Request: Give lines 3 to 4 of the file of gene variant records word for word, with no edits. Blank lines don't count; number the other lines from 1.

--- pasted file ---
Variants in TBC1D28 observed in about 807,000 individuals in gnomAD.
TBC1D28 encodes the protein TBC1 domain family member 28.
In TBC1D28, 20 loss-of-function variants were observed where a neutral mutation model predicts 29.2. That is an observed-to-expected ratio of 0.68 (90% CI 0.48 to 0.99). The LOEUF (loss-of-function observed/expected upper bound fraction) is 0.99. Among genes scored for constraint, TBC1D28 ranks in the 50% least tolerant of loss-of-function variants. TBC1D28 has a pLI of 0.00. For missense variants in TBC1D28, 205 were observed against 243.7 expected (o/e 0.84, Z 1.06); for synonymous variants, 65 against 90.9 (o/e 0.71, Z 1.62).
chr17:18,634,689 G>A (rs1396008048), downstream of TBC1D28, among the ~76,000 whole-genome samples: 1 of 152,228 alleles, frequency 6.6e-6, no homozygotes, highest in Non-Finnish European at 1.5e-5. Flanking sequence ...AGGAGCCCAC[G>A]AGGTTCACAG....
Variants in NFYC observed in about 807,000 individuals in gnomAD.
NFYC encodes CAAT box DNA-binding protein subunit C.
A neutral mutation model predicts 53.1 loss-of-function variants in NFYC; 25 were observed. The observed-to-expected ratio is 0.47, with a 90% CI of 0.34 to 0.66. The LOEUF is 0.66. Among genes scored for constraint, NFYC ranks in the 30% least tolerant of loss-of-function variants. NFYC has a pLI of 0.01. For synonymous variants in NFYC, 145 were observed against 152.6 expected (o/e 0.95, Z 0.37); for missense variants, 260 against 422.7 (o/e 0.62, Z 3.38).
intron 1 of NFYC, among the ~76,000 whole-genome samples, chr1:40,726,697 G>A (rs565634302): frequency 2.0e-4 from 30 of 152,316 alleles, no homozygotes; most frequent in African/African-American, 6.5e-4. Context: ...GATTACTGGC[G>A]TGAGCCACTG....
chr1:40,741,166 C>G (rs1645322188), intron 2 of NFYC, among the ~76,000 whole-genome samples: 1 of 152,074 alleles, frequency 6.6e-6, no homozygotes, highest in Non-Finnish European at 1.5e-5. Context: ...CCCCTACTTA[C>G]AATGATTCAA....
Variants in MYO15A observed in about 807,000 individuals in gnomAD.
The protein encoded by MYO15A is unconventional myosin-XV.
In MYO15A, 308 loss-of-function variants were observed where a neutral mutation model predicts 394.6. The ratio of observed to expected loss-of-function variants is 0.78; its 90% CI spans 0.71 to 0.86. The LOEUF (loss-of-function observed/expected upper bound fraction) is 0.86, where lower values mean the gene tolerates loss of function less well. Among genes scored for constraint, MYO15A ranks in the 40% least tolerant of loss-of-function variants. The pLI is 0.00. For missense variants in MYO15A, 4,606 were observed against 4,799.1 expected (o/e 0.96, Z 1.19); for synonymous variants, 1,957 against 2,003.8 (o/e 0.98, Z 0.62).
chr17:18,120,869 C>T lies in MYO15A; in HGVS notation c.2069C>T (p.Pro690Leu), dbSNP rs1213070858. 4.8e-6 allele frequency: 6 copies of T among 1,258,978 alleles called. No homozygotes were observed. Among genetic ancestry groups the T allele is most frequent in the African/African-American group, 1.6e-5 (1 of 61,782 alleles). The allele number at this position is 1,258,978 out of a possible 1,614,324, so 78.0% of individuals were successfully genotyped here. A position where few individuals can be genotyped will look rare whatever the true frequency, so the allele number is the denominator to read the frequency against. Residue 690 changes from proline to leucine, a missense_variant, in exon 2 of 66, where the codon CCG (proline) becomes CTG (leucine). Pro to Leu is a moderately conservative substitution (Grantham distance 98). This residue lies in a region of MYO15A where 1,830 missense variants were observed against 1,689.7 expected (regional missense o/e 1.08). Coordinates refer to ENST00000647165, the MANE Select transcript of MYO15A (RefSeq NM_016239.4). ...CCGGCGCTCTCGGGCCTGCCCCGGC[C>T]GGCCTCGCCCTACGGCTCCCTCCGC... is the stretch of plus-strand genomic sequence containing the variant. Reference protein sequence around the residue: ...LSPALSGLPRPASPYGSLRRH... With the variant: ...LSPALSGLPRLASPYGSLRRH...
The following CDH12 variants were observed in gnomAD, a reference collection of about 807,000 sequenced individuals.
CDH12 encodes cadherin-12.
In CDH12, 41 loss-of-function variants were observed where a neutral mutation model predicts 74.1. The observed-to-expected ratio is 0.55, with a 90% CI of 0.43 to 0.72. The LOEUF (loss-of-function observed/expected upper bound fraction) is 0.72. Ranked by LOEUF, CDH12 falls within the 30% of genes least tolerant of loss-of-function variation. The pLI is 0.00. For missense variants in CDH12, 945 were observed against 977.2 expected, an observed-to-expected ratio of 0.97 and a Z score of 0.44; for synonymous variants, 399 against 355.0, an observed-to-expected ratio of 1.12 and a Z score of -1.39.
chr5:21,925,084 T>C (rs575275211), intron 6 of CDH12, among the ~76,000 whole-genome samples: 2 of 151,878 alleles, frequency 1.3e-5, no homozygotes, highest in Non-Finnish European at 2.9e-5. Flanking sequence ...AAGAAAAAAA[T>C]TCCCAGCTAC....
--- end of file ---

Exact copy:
In TBC1D28, 20 loss-of-function variants were observed where a neutral mutation model predicts 29.2. That is an observed-to-expected ratio of 0.68 (90% CI 0.48 to 0.99). The LOEUF (loss-of-function observed/expected upper bound fraction) is 0.99. Among genes scored for constraint, TBC1D28 ranks in the 50% least tolerant of loss-of-function variants. TBC1D28 has a pLI of 0.00. For missense variants in TBC1D28, 205 were observed against 243.7 expected (o/e 0.84, Z 1.06); for synonymous variants, 65 against 90.9 (o/e 0.71, Z 1.62).
chr17:18,634,689 G>A (rs1396008048), downstream of TBC1D28, among the ~76,000 whole-genome samples: 1 of 152,228 alleles, frequency 6.6e-6, no homozygotes, highest in Non-Finnish European at 1.5e-5. Flanking sequence ...AGGAGCCCAC[G>A]AGGTTCACAG....